Posted on

marijuana skunk smell

Marijuana skunk smell

You can usually tell if someone has been smoking marijuana by detecting the scent of piney, slightly skunky grass that smoked cannabis leaves behind.

Marijuana plants smell similar during the growing process and when they’re harvested and dried. They give off a slightly weedy, piney “skunk” scent that gets stronger as the plant grows older.
The strongest factor in the way marijuana smells is the age of the cannabis plant when it’s harvested. Cannabis that’s harvested earlier in its life cycles has a milder, less skunky scent.

When you’re smoking marijuana, the natural scent of the cannabis scent is amplified by the smoke it creates. Fire, smoke itself, ash, and the smell of rolling paper add additional layers to the scent.
Dried marijuana smells a lot stronger than some other dried plants.
Terpenes change the scent of marijuana. For example, cannabis strains with pinene will smell more like pine.
But figuring out for sure if what you’re smelling is weed can be a little difficult if you aren’t attuned to the scent. Various strains of marijuana can smell different from each other, making it even more complicated.
Marijuana can be rolled up in a handmade cigarette (a joint), in a cigar, or in a pipe (a bong). It can be used for pain relief, to treat anxiety, or for recreation.

Marijuana consumers describe the scent of the plant as earthy, herbal, and woody. Sometimes the plant scent carries notes of lemon, apple, diesel, or plum.

Learn about what gives marijuana its distinctly "skunky," strong odor, and how marijuana smells in plant form, when it's smoked, and more.

And while most of these fragrances are considered pleasing by most, one scent in particular, skunk, has a decidedly unpleasant connotation. But what exactly is skunk weed? And why does it smell that way?

Watson was one of the first breeders who recognized that, while THC was the component of cannabis mainly responsible for the high it imparts, terpenes were also important and could intensify and modify the plant’s psychoactive effects through the entourage effect. As a result, when evaluating breeding stock for his next cross, Sam the Skunkman often let the aroma of these potential parents be his guide.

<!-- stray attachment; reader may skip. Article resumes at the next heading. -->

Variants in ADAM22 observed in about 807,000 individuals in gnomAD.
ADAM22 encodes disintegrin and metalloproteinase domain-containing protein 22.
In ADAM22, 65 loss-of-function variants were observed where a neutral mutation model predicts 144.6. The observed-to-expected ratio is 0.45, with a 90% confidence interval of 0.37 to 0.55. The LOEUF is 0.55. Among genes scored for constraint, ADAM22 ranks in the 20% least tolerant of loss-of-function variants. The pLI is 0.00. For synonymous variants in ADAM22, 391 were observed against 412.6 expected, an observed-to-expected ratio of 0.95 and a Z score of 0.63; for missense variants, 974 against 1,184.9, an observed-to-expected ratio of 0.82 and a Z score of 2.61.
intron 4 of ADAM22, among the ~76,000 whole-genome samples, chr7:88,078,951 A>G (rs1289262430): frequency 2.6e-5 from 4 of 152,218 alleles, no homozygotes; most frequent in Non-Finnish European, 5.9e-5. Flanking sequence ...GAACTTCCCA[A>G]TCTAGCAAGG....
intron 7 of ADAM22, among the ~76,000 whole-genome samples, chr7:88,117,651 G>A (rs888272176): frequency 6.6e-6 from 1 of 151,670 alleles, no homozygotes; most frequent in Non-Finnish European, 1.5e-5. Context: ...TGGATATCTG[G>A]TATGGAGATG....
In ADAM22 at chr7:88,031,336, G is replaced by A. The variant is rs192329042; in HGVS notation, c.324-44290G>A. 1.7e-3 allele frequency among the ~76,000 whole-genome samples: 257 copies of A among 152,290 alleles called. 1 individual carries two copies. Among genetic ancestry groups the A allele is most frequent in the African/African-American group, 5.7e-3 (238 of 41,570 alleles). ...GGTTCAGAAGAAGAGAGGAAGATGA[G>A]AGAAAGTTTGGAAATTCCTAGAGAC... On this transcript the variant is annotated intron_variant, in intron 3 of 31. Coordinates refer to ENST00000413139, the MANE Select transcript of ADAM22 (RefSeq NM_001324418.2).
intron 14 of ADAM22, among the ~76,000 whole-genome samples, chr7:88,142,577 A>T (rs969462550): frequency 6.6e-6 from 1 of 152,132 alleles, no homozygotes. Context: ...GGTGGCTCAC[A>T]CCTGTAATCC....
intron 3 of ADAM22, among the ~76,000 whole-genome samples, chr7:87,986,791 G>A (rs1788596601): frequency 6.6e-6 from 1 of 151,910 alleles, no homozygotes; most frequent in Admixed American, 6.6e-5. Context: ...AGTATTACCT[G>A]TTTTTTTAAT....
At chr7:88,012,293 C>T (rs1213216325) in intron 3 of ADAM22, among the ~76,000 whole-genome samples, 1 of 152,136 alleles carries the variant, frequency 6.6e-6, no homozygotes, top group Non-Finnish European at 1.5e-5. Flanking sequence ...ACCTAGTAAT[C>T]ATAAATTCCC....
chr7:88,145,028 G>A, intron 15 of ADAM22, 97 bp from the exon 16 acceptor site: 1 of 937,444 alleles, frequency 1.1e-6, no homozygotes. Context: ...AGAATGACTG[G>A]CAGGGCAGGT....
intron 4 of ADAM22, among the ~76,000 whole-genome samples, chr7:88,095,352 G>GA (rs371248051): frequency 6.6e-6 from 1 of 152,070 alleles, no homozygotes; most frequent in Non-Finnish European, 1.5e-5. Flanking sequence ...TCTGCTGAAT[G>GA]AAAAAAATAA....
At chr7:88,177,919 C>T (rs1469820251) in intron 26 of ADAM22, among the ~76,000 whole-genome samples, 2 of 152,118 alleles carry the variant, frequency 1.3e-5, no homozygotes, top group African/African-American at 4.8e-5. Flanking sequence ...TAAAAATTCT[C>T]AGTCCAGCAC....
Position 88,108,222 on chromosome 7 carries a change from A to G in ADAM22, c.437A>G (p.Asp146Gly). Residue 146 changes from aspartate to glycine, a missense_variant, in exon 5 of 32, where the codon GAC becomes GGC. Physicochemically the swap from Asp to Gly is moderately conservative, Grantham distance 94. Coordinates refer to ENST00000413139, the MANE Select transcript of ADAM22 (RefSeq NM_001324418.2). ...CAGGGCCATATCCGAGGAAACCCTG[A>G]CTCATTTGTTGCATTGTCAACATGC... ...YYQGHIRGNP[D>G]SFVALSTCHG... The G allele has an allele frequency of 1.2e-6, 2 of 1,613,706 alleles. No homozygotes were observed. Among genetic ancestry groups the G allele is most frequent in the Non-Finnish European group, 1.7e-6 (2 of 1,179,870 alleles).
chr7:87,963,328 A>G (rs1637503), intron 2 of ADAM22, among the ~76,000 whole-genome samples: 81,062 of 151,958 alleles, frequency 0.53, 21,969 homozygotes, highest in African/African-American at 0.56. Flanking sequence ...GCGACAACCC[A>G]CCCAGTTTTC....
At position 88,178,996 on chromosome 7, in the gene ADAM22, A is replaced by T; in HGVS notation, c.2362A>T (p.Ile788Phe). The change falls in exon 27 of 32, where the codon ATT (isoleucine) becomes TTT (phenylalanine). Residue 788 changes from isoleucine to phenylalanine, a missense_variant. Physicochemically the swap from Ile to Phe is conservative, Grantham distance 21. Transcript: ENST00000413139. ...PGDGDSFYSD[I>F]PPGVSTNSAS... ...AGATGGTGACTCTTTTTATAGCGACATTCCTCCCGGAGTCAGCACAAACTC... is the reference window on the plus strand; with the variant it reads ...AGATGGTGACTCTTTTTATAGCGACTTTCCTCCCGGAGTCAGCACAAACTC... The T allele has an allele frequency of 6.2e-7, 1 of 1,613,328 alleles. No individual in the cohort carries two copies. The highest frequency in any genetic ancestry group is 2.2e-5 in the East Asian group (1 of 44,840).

Pinene can give pot a pine-like fragrance, while caryophyllene is peppery. Limonene has a citrusy scent and terpinolene is fruity. Myrcene, the most prevalent cannabis terpene, is earthy or musky, a trait that is partly responsible for the skunky funk of some strains.

In the United Kingdom, the term “skunk weed” has taken on a more generic meaning. There, skunk doesn’t refer to the aroma of particular strains of marijuana. Rather, it is a moniker that designates highly potent pot. Just about any kind of super-stony sensimilla flower that is cultivated for smoking will qualify as skunk weed across the pond.
The word “skunk” can refer to more than just genetic terms for cannabis, too. For people who don’t use cannabis (and even some who do partake), all varieties of cannabis smell skunky. To a certain extent this is true, although more experienced cannaphiles will appreciate the other aromas and notes present in a particular strain’s bouquet.
There are many strains of cannabis that express the skunky smell of these terpenes. Skunk weed varietals got their start in the 1970s with the introduction of Skunk #1 by Sacred Seeds, a group of breeders in Northern California led by David Watson, also known as Sam the Skunkman. Skunk #1 is a cross of short, bushy Pakistani and Afghani varietals cultivated for hash, and tropical strains from Asia and South and Central America.
Terpenes Are the Key
Cannabis flower has more unique scents than the rainbow has colors. But why does weed sometimes smell like a skunk?

Other Meanings of Skunk Weed

Cannabis flower has more unique scents than the rainbow has colors. But why does weed sometimes smell like a skunk?